Jim VandeHei

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Jim VandeHei
Born James VandeHei
1971 (age 45–46)
United States
Occupation Editor, reporter

James "Jim" VandeHei (born 1971) is the co-founder and CEO of Axios and the former executive editor and co-founder of Politico. Previously, he was a national political reporter at The Washington Post, where he worked as White House correspondent.

Life and career[edit]

VandeHei graduated from Lourdes High School in Oshkosh, Wisconsin, in 1989. In 1995, he graduated from the University of Wisconsin–Oshkosh with a double major in journalism and political science. While an undergraduate, he served an internship with Democratic Senator Herb Kohl in 1994, which led to his decision to be a political journalist.

After working as a sports reporter for the Oshkosh Northwestern, VandeHei moved to Washington, D.C. In 1995 he worked for Inside Washington Publishers. In 1996, he was hired by "Inside the New Congress", a weekly newsletter that focuses on the House and Senate. In 1997, he began working as a reporter for Roll Call, which covers Capitol Hill. While at Roll Call, VandeHei broke the story of House Speaker-elect Bob Livingston's affairs in 1998.[1] He was the first to report in 1998 that Republicans were formally planning to impeach President Clinton. He is married to Autumn Hanna VandeHei, a former staffer for House Republican Leader Tom DeLay of Texas. They have two children, Sophie and James, and reside in Falls Church, Virginia.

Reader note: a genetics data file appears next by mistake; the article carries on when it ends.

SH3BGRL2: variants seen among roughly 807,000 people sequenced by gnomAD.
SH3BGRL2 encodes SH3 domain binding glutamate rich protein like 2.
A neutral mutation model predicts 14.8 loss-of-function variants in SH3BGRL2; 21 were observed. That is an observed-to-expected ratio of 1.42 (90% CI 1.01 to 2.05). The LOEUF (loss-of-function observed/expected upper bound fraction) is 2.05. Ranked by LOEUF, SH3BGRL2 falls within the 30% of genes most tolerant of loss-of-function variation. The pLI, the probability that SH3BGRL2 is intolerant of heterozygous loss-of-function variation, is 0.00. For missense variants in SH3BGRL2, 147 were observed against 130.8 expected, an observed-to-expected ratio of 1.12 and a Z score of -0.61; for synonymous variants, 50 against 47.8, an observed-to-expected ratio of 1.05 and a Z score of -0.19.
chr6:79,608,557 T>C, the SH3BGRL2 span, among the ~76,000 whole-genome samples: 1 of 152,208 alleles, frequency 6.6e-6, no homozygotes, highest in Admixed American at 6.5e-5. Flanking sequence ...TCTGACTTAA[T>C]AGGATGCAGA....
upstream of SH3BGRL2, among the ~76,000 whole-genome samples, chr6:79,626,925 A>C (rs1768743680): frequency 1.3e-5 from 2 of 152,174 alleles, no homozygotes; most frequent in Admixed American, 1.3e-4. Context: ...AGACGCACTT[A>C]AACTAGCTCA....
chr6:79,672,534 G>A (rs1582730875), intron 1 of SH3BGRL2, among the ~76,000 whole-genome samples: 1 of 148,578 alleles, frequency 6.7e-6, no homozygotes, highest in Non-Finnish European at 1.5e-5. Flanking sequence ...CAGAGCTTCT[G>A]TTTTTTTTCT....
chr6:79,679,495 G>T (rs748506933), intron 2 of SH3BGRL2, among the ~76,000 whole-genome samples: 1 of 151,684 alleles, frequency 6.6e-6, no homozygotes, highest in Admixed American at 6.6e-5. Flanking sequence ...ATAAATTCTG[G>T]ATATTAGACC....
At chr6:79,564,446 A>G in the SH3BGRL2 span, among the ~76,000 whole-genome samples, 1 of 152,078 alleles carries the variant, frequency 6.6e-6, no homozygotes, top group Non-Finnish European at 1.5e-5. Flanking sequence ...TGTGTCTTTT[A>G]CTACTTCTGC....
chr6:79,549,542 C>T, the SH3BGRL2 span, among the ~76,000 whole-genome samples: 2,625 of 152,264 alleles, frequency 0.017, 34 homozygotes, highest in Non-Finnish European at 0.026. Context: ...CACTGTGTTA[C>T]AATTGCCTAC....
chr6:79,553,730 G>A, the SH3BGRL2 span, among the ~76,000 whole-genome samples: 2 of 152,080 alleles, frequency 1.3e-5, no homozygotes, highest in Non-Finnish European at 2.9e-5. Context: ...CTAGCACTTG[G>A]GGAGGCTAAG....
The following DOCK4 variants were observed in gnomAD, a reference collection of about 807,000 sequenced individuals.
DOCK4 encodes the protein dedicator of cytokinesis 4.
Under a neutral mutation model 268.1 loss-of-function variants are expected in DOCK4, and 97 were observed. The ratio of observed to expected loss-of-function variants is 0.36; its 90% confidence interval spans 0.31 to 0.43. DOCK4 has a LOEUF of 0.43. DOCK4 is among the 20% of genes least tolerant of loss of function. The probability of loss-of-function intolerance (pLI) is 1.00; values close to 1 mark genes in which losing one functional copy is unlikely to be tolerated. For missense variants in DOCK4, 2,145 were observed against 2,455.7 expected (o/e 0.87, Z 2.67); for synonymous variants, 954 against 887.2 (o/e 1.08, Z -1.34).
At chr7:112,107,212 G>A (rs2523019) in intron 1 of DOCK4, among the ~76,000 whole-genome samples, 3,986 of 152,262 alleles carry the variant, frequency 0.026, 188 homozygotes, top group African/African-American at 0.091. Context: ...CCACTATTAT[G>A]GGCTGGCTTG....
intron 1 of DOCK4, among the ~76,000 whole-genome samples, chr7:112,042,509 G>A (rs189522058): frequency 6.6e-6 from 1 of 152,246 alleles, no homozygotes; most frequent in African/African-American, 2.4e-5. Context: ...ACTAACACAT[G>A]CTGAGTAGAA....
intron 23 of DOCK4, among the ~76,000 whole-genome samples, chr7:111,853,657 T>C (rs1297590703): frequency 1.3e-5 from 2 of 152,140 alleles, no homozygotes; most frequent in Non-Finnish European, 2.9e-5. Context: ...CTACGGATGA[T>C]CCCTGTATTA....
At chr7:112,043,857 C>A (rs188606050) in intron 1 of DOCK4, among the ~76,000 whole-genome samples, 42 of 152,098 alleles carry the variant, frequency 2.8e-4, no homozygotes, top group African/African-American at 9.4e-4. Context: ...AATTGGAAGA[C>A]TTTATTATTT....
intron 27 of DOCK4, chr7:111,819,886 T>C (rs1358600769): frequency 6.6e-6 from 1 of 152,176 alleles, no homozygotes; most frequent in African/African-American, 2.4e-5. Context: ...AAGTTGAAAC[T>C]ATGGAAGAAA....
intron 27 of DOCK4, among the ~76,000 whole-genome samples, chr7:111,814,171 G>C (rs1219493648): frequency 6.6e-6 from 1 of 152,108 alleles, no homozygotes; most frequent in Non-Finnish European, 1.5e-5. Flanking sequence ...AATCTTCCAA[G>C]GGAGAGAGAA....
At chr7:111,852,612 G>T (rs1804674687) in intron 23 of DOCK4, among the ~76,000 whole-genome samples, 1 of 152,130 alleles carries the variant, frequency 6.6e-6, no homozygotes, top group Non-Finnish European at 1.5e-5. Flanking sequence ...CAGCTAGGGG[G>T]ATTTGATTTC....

After a stint as a national political reporter for The Wall Street Journal in 2000, VandeHei joined The Washington Post.

VandeHei's work has appeared in Capital Style and The New Republic. He has appeared as a pundit on television shows on all the major networks.

In 2006, VandeHei left The Washington Post to found a new political publication, Politico.

In early 2016, it was announced that VandeHei was leaving Politico after the presidential elections. In April he abruptly left, prior to his previously stated departure date and penned a piece in The Information about the current vapid state of media, the downward spiral of chasing clicks, and the future vision for media.

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